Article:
Rival of Oxford (read the Oxford Guide here), Cambridge stands on the eastern part of the United Kingdom and being close to London means it attracts daily tourists in search of the typical English atmosphere. Cambridge offers many things to do and see and in one day you can do many of these, considering that colleges are often closed or not accessible to the public. The peculiarity of Cambridge are its bridges, the River Cam running through it and the many gardens of the college (the backs) that make the city a real gem.
There are as many as 31 colleges in Cambridge, most of them located in the historic center. Not all the colleges are accessible and those who are often ask people to pay an entry or for a mandatory participation to a tour, generally organized and run by student associations. The beauty of Cambridge is also to be a city where you can walk and then relax on the banks of the River Cam.
The most famous college of Cambridge, where 31 Nobel laureates have studied during the years, is also the most visited one if only because of its inner courtyard accessible through the Great Court. In this courtyard was shot the film Chariots of Fire, reminiscent of the race that is still organized today around the square, about 360 meters to be done in no later than 44 seconds, between the touch of one hour and the other. Trinity College is accessible, paying a fee, just partially.
The most photographed college of Cambridge is also one of the most majestic and active within the city. The chapel is still the seat of the choir of the College who “performs” here every day. The entrance fee allows the visit of the gardens and the chapel.
It is said to have been designed by Isaac Newton and connects two parts of Queens’ College. The name comes from the particular structure with straight beams that hold up perfectly and give the bridge a unique way.
The Bridge of Sighs in Cambridge is part of St. John’s College and refers directly to the Bridge of Sighs in Venice although popular legend says it derives from the sighs of students for exams. The bridge is not open to the public and can be visited only from the river.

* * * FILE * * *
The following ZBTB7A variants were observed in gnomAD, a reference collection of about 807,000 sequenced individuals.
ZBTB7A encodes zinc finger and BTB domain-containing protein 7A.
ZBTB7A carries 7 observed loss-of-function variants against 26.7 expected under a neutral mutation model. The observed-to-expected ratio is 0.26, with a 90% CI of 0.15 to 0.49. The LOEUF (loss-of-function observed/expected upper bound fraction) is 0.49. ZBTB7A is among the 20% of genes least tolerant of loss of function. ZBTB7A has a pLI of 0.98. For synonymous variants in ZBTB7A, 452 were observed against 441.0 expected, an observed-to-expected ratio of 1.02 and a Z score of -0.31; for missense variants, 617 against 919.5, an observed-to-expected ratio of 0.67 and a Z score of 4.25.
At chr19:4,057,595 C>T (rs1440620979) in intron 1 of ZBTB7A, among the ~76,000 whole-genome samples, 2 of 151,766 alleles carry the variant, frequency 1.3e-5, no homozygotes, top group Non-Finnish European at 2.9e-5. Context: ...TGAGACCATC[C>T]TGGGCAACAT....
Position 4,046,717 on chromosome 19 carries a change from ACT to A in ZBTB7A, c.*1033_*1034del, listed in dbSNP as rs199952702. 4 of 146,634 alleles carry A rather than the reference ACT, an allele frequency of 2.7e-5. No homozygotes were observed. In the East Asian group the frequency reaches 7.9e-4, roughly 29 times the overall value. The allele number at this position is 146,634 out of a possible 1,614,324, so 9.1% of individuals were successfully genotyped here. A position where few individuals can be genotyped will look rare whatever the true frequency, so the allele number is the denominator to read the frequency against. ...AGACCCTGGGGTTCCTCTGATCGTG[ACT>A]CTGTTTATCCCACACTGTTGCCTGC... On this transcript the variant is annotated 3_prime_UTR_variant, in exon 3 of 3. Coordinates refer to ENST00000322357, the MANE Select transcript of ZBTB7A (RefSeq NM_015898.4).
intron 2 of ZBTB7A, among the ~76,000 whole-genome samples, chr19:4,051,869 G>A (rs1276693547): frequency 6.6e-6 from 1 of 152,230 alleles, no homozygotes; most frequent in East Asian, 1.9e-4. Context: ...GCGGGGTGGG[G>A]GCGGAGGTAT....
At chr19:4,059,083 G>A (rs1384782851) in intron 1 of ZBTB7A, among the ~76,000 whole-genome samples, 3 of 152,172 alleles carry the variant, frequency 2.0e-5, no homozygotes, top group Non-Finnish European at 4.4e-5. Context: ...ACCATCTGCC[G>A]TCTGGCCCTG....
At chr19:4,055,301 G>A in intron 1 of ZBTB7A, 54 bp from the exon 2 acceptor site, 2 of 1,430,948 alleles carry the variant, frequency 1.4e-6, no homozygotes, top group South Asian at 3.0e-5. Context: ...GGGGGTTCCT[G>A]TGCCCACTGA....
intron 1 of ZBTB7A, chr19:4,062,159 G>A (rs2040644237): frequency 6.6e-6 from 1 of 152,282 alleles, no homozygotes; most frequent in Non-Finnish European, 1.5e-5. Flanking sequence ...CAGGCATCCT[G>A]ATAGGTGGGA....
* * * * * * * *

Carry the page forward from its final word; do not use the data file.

Close to the market square and the King’s College, it is famous for its bell tower that can be visited paying a fee and offers a spectacular view of Cambridge.
The river Cam for centuries is strewn with boats and people who practice the art of punting. It’s possible to rent a boat with a punter or become yourself a punter remembering that the punting takes skill and getting stuck in the middle of the river is one of the most common situations.
Because of tourism and of the students, eating in Cambridge is not a problem: if it is true that every college has inside pubs and restaurants only for students, it is also true that the city has developed a particular attention of eating and drinking also considering the presence of so many tourists and visitors throughout the year.
In Market Square you can find stalls of food from around the world at affordable prices. When the weather is nice, stop in one of the stalls, get something to take away and eat by the river it’s the most practical option.
Located right in the center of Cambridge, The Eagle is one of the historical places of England. Right here Watson and Crick have announced to the world the discovery of DNA and this is where the British pilots from the Second World War came to record their names on the ceiling after the war. A place where to stop for something to eat and a beer.
Known for it English Buns, Inglese Buns, cinnamon rolls flooded with molasses, in reality Fitzbillies is a place where you can eat very well: sandwiches, salads, pie and homemade cakes. In short, just move over from the tourists to find real substance.
The best ribs in the area are the ones made by the St John’s Chop House which also English food for everyone in a unique location with a fireplace for the long winter days.
[All photos have been taken and are owned by Giuseppe. The trip was organized in collaboration with VisitBritain].